Start setting alarms now, to get kids ready for back to school
LUBBOCK, Texas (KCBD) - With school starting next week, a lot of kids may be staying up late to celebrate these last few days of summer. However, a Lubbock pediatrician says it would be more helpful if parents would begin setting the alarm to get kids ready for that early wake up call.
Kinsey Powell is a mom with three kids in Lubbock-Cooper schools. She says bedtime has always been important in their house.
Her youngest daughter, Branum, likes to imitate her mom when she says, “It’s like, I don’t know why you’re staying up late. You need to go to bed!”
No doubt that’s hard to do in August, when it’s brighter outside than inside because the sun is still up.
Campbell, also 11, says “Usually in the summer i go to bed 10 or 11 and in the school year, have to go to be 8:30 or 9.”
But that’s good! There is real medical science to prove that better sleep is linked to better school performance.
Dr. Ana Montanez, a pediatrician and Texas Tech Physician, explains, “They’re awake, they’re paying attention, blood flow is getting to their brain, so they’re more alert, and they’re more active, learning is taking place.”
Dr. Montanez adds that a good night’s sleep is linked to behavior, too.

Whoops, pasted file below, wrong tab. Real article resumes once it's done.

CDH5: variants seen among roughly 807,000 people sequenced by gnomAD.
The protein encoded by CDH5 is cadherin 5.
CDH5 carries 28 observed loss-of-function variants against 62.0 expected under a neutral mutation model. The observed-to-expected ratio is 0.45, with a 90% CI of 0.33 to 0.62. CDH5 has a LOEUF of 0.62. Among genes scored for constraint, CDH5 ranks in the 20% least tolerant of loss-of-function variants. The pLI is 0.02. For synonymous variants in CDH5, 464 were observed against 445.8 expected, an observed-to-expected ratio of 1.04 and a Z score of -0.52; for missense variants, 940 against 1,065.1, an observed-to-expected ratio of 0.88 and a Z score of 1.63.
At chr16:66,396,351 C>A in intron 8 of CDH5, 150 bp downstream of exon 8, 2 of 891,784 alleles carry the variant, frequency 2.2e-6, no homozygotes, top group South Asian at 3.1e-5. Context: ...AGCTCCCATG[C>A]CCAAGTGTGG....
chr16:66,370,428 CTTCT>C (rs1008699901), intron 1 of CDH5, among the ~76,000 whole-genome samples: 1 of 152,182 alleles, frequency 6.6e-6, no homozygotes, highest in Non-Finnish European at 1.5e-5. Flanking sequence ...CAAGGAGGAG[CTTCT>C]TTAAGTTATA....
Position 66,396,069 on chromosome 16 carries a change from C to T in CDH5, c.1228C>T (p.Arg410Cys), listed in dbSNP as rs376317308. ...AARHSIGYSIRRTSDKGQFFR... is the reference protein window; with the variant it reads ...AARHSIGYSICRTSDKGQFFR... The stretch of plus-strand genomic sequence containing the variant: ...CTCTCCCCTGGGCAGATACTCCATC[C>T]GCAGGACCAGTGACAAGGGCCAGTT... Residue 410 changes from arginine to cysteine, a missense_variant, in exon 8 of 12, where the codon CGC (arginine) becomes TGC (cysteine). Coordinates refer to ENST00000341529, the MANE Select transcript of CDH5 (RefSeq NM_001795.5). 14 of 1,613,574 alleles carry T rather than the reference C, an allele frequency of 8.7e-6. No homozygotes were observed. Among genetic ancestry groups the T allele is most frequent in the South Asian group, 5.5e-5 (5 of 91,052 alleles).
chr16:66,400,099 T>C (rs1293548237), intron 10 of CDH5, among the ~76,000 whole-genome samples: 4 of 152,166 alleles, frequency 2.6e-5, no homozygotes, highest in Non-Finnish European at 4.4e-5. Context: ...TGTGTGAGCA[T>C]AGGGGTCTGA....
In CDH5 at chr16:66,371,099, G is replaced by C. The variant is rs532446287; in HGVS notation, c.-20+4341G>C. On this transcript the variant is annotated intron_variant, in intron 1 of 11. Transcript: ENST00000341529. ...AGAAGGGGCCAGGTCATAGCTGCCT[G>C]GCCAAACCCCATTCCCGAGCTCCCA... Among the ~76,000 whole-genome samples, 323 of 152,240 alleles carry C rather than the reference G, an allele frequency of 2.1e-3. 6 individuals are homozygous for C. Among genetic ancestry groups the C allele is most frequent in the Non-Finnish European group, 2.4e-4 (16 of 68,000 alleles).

She says, “If a kid is trying to keep himself awake, especially you see this in school-aged kids, they’re going to be more hyper, trying to be doing things, very impulsive, because they’re trying to keep themselves awake.”
And we know now there is one more important reason to invest in the amount of sleep a child needs.
Dr. Montanez says especially now, coming out of a pandemic, sleep is good for a child’s mental health.
She says, “If they don’t have enough sleep, and they’re not rested, and they get disappointed at something or somebody makes them angry, it’s very difficult for them to cope and realize that that’s what’s happening. So mental health, it helps for that, too.”
For tips on getting kids into a new routine for the start of school, watch the video on this page.
Also, to understand the number of the hours needed for a good night’s rest in children and adults, the CDC has provided this chart.
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